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Dec 7, 2009 04:26 PM

What causes hard to peel eggs?

DH says I overcooked the eggs, but I boiled them according to the only thing I learned in Home Ec.

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  1. Really fresh eggs are hard to peel.

    2 Replies
    1. re: bushwickgirl

      Always was taught the same thing...the fresher the egg, the more difficult to peel.

      1. re: bushwickgirl

        Yep. That's why people with chickens set aside eggs to age them for hard boiling. To determine if your eggs are "too fresh", chuck them in a bowl of water. Fresh eggs will lay flat on the bottom, and older eggs will sit more upright/on a slant (because of the air pocket that forms as an egg ages). If they just float outright, I'd toss them.

      2. My Gran taught me to bring my eggs up to a boil with a little vinegar, turn them off and let them sit for 15 min for perfect yellow yolks. I've played with how to peal them especially since we got chickens and have found that doing the boil per Gran is good but to peel I run a little cold water in the pan just to bring them to a temperature I can handle. Tap the top and bottom of the egg and all around on the sink. Splash under temperate water and peel/rub the shell with your thumb starting by pinching off the top or bottom. Usually it all comes off clean. If the eggs get too cool run them under hot water so the egg will separate from the shell.

        1. Shock them in cold water. Heat of the eggs + cold = steam which separates the egg from the shell.

          4 Replies
          1. re: Evilbanana11

            only do a quick shock. if you leave them in the cold water too long that membrane will shrink back up, and it adheres like nobody's business!

            1. re: Evilbanana11

              When the eggs don't cooperate I go a step further. Shock them in ice water, then return to the boiling water for 10 seconds or so, then back into the ice water. Seems to make a difference.

              1. re: alanbarnes

                Good point A.

                There was one PIE (Pain in the Egg) the other night. Jfood was able to get the membrane broken on the flat end but then he encountered some resistance. He ran hot water into the opening and the membrane slowly started to release from the white.

                1. re: alanbarnes

                  That's the standard technique Julia Child gives for treating boiled eggs.
                  This might be my imagination, but I also find eggs which have been pricked before cooking to be much easier to peel.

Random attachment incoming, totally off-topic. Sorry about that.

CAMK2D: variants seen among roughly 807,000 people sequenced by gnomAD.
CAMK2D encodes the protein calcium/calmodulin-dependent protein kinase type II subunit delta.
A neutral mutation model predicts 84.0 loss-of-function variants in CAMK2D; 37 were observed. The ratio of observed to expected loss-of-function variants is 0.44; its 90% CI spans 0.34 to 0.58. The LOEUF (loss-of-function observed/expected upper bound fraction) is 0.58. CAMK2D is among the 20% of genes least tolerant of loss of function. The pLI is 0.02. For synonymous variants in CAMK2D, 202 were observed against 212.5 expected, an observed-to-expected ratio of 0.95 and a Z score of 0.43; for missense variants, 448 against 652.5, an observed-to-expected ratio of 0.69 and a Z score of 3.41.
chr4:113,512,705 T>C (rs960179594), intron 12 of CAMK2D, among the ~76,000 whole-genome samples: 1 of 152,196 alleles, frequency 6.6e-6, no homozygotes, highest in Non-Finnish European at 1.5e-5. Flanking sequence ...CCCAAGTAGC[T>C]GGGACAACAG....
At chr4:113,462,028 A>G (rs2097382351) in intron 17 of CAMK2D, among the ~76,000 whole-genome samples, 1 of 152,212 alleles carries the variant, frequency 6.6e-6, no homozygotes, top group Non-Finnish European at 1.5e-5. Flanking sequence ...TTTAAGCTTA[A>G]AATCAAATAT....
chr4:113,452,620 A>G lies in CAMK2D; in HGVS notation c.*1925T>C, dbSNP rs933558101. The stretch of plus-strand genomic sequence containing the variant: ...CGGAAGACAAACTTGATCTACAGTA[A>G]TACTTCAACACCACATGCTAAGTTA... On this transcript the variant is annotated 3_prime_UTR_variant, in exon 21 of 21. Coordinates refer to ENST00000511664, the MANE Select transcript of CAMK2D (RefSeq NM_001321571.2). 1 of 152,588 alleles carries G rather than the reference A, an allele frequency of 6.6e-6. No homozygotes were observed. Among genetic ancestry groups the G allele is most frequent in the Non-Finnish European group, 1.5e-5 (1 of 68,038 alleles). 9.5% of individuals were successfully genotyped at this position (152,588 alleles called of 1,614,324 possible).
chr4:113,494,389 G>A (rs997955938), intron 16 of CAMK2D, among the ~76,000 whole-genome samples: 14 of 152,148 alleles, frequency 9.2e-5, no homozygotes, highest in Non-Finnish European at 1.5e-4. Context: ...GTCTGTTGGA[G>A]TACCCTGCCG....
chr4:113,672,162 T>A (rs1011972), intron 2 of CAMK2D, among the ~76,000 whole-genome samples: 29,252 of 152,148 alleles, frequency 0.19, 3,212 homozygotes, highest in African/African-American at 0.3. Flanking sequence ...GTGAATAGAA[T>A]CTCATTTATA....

2. although jfood has read on and on about older eggs, jfood makes 12 hard boiled eggs every weekend and he uses the eggs straight from the store. Each week (except on) all 12 came out perfect. The one week that he trouble (oh boy did little jfood let him have it) with the eggs he used those that were in the fridge for a week.

                So this may not qualify for a perfect experiment but the fresh rom the store have worked perfectly for jfood for months.

                3 Replies
                1. re: jfood

                  Interestingly enough, the USDA rule is that the packing date of the eggs must be no more than 45 days before the sell by date on the egg carton. So even if that date on the eggs that you buy at the store is a week or two away, those eggs are likely at least a month old already.

                  Just an interesting fact. :-)

                  1. re: wendy8869

                    thanks W. the eggs jfood cooked yesterday had the date on the carton of dec 28th. would these be new or old eggs?

                    1. re: jfood

                      I have no idea what age would be required for easy HB peeling, whether yours are considered new or old. It would be an interesting experiment to get eggs that are different ages and see which week starts the easy peeling. I just thought it was interesting that we could all be buying month old eggs at the grocery store. The first time I heard that in my food safety class at university it stuck in my memory. Also, the packing date could depend on the packer... usda says no more than 45 days at max to the sell by but the egg packer could technically put in something less than that. Another thing is that the USDA recommends we use the eggs within 3 to 5 weeks after we buy them, regardless of that date. So having two month old eggs in the fridge is probably considered definitely old. :-)

                2. Certified Becky Home Ecky teacher here...the cooking process causes the membrane under the shell that holds the egg and yolk together to shrink away from the shell.

                  3 Replies
                  1. re: rettoc

                    A trick to have nice yellow yolks, not ugly green things. Use a push pin and make a hole on the big end of the egg. Lets the gas out that makes yolks green. Works every time.

                    1. re: yakitat jack

                      A trick to have nice yellow yolks, not ugly green things. Use a push pin and make a hole on the big end of the egg

                      The green ring in the yolk is cause by cooking the egg too long and causing a chemical reaction that releases the sulfur in the yolk. That rotten egg smell is sulfur dioxide.

                    2. re: rettoc

                      McGee actually had a few paragraphs inhis book about the color of the yolk having to do with the length of cooking.

                      Likewise there was a thread a few weeks ago that related to the type of feed the chicken ate and the relationship to the yolk color. You may want to do a search on that topic if it is of interest.